Application of Graphene into an Electric Vehicle

Center for Research in Engineering, Science, and Technology
Phoenix, Arizona
EngineeringMaterials Science
DOI: 10.18258/3664
$1,613
Raised
102%
Funded on 12/25/14
Successfully Funded
  • $1,613
    pledged
  • 102%
    funded
  • Funded
    on 12/25/14

About This Project

Regenerative energy technology in motor vehicles incorporates capacitors, which stabilize the energy produced by the system. However, current conductive materials inside these capacitors are limited by their natural properties. Our project seeks to integrate graphene, a superconductive nanomaterial, into a small scale regenerative energy system to improve the range of an electric vehicle.

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What is the context of this research?

Graphene is among the most electrically and thermally conductive materials currently known in materials science. It is a relatively new discovered material that is 50% more conductive than pure copper.

From a closer perspective, Graphene is a single atom layer thick of carbon, where its large molecular surface area make it an ideal material for supercapacitors. When used in combination with a regenerative system, supercapacitors can be applied to electric vehicles to provide extended vehicle range.

The application of graphene supercapacitors will enable the most efficient use of a regenerative system. Our project will explore the applications and implementation graphene.

What is the significance of this project?

This project will investigate how Graphene’s high amount of molecular surface area can be used in a capacitor device. Graphene has a low resistance to electricity, so this project will also examine how the material reacts to high current applications.

The graphene supercapacitors will collect energy from an alternator, where a battery isolator will combine the output of a supercapacitor and battery bank. In effect, the system will convert mechanical energy to electrical energy, which will then be used to lessen the electrical load on the batteries. If successful, this project may provide valuable data into the advancement of regenerative systems for electrical vehicles.

What are the goals of the project?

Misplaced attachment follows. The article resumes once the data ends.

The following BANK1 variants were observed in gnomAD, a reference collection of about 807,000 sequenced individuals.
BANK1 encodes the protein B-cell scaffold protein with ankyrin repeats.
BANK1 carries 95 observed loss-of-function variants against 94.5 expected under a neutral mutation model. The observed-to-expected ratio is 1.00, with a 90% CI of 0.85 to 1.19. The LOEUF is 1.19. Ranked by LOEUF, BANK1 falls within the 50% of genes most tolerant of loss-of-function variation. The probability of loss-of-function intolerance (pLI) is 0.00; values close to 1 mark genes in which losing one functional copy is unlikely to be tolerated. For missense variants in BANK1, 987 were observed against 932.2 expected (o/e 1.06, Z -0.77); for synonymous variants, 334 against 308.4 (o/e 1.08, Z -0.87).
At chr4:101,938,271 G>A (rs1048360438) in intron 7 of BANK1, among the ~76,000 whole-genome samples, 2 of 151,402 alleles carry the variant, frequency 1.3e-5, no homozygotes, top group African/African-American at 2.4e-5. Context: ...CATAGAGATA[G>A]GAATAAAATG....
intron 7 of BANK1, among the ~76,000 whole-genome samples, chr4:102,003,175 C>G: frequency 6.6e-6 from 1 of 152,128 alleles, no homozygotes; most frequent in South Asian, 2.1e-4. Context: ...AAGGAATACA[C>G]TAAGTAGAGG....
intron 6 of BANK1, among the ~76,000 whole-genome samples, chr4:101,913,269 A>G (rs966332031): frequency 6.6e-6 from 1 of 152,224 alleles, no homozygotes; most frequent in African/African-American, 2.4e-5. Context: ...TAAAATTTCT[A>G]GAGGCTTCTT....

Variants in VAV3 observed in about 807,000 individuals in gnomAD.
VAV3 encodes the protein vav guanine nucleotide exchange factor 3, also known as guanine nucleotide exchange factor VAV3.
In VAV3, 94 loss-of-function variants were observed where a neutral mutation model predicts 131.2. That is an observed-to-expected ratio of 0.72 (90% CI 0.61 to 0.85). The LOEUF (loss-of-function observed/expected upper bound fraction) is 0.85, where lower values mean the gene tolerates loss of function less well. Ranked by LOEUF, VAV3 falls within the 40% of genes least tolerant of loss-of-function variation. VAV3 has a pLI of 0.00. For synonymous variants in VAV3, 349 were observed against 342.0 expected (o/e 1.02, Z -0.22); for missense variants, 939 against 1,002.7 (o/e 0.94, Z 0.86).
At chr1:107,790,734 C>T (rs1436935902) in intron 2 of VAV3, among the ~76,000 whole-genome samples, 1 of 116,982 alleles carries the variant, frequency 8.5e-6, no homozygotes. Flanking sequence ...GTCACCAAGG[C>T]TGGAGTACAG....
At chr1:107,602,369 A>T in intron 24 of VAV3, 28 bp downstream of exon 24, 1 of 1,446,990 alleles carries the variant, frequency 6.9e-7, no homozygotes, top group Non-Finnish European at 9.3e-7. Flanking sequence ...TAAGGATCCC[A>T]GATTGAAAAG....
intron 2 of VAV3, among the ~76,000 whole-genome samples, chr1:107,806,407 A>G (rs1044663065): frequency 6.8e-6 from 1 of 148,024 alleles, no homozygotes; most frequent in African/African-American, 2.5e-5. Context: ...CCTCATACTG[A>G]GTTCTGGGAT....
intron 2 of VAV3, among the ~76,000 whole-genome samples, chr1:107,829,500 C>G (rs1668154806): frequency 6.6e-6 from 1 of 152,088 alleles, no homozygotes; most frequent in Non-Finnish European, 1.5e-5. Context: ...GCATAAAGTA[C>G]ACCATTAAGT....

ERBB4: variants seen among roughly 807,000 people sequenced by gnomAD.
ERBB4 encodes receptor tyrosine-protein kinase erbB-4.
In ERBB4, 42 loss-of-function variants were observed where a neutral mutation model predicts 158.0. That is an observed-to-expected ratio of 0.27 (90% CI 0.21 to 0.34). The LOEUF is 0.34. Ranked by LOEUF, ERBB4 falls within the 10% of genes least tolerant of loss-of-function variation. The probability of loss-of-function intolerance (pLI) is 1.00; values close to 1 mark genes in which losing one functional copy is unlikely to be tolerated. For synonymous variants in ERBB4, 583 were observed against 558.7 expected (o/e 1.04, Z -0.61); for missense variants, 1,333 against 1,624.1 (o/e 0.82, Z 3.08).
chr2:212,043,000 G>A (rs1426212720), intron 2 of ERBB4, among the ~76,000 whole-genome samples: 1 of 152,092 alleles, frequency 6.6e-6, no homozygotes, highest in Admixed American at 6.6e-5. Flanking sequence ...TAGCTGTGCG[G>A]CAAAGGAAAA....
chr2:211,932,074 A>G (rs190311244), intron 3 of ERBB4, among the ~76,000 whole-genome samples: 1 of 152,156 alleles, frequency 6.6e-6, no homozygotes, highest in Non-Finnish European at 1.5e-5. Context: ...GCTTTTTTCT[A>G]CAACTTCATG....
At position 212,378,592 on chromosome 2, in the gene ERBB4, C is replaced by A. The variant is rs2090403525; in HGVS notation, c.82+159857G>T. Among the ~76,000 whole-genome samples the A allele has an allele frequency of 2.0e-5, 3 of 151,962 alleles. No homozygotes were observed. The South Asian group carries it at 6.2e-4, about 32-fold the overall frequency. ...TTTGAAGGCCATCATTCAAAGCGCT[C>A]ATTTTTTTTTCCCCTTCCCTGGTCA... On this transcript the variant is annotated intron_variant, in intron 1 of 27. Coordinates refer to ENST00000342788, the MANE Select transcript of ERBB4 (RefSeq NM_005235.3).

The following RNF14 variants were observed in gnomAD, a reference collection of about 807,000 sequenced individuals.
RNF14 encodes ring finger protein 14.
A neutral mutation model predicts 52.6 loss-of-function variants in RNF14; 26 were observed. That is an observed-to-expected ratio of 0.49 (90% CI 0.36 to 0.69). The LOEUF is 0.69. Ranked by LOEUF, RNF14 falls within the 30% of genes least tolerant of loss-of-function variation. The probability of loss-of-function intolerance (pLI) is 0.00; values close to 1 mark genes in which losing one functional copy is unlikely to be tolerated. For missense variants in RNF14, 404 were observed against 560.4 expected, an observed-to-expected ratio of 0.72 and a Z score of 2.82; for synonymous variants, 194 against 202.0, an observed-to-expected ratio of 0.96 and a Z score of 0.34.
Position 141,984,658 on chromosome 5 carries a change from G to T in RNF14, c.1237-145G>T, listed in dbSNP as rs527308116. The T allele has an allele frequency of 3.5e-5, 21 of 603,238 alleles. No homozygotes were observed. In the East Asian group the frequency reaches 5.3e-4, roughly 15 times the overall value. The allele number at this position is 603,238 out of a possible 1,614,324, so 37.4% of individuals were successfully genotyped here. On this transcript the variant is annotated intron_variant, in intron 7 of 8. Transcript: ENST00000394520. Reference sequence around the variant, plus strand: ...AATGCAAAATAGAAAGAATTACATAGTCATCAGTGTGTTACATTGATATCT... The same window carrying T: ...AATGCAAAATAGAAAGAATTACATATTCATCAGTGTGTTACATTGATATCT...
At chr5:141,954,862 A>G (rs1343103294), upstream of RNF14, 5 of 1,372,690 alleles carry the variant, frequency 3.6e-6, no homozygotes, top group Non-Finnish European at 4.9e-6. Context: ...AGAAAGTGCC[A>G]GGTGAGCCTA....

Our primary goal is to implement a regenerative system utilizing graphene supercapacitors in an electric vehicle on a small scale. The graphene supercapacitors will be integrated into a golf cart.

Changes must be made to the cart’s transmission and an alternator must be added for the regenerative system. Once the graphene capacitor is inserted into the system tests will be conducted to determine the energy density and capacitance values of the graphene, efficiency of the regenerative system, and total range achieved with the addition of the supercapacitors.

Using this data, the graphene supercapacitors will be compared to current capacitive banks. We seek to discover more properties about graphene, and advance research into its high power applications.

Budget

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Graphene is an exciting material, where its various uses and applications grow day after day. Understanding this concept, as students, we were compelled to contribute to the overall understanding of Graphene. If our project results and conclusions support our hypothesis, the outcome may transform current regenerative technology in electric / hybrid vehicles.

Thus, when we conceived the idea to implement graphene in an electrical vehicle, the majority of the concern came from the need to purchase new materials. We lack the necessary financial support from our school, and we cannot afford to support the project, ourselves. Experiment.com presents an opportunity for us to gather the needed financial support to pursue the project, and further advance graphene technology.

Meet the Team

Ryan Kunz
Ryan Kunz
Mark Jaffee
Mark Jaffee
Kelsie Lucas
Kelsie Lucas

Team Bio

Ryan Kunz is a student at the Center for Research Engineering Science and Technology and currently works for TOR Engineering as an Electrical Engineering Intern. He is fascinated with graphene and is passionate about contributing towards its development.

Mark Jaffee is a student at the Center for Research Engineering Science and Technology and works for Gannett Fleming as a civil engineering intern. He is captivated by structures and electricity, designing the power management and mechanical systems for the project.

Kelsie Lucas is a student at the Center for Research Engineering Science and Technology and currently works for ACSS as an electrical engineering intern. She is proficient in CAD software, and handles the computer modeling for the project.


Additional Information

The main image at the top of the page is a three dimensional rendering on the atomic structure of graphene.



A picture of our workshop.



A picture of the graphene we synthesized in our lab.




An interior shot of the transmission that we will primarily be working with.

Project Backers

  • 26Backers
  • 102%Funded
  • $1,613Total Donations
  • $62.06Average Donation
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